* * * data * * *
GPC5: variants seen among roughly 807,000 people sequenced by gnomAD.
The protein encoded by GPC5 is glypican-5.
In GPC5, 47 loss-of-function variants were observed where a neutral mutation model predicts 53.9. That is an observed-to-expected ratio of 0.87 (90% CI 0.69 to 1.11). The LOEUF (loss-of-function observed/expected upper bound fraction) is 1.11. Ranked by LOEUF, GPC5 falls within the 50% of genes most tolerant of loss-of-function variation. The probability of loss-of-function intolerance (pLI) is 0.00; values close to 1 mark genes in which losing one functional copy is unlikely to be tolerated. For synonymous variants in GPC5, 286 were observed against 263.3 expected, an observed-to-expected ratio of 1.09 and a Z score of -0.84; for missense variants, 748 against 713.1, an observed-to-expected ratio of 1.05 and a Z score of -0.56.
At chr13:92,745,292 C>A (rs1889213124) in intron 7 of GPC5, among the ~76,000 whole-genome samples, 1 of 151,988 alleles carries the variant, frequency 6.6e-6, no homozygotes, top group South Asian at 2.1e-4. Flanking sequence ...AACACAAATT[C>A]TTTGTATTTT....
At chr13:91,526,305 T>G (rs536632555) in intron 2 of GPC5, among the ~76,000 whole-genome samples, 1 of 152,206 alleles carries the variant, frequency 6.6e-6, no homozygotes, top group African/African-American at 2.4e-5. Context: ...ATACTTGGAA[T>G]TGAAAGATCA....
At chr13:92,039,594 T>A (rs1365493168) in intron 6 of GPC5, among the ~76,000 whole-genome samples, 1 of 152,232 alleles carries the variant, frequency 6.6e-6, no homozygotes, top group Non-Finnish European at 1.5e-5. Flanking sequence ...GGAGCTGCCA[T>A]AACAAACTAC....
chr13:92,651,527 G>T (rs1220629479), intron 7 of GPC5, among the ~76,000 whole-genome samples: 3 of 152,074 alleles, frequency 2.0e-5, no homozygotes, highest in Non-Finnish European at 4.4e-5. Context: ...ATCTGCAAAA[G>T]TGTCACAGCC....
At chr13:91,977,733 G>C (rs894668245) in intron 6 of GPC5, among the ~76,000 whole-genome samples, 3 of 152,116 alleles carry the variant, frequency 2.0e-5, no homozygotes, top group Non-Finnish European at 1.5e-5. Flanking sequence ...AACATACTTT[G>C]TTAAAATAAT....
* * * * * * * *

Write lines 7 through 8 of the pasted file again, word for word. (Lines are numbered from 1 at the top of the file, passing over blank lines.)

chr13:92,651,527 G>T (rs1220629479), intron 7 of GPC5, among the ~76,000 whole-genome samples: 3 of 152,074 alleles, frequency 2.0e-5, no homozygotes, highest in Non-Finnish European at 4.4e-5. Context: ...ATCTGCAAAA[G>T]TGTCACAGCC....
At chr13:91,977,733 G>C (rs894668245) in intron 6 of GPC5, among the ~76,000 whole-genome samples, 3 of 152,116 alleles carry the variant, frequency 2.0e-5, no homozygotes, top group Non-Finnish European at 1.5e-5. Flanking sequence ...AACATACTTT[G>C]TTAAAATAAT....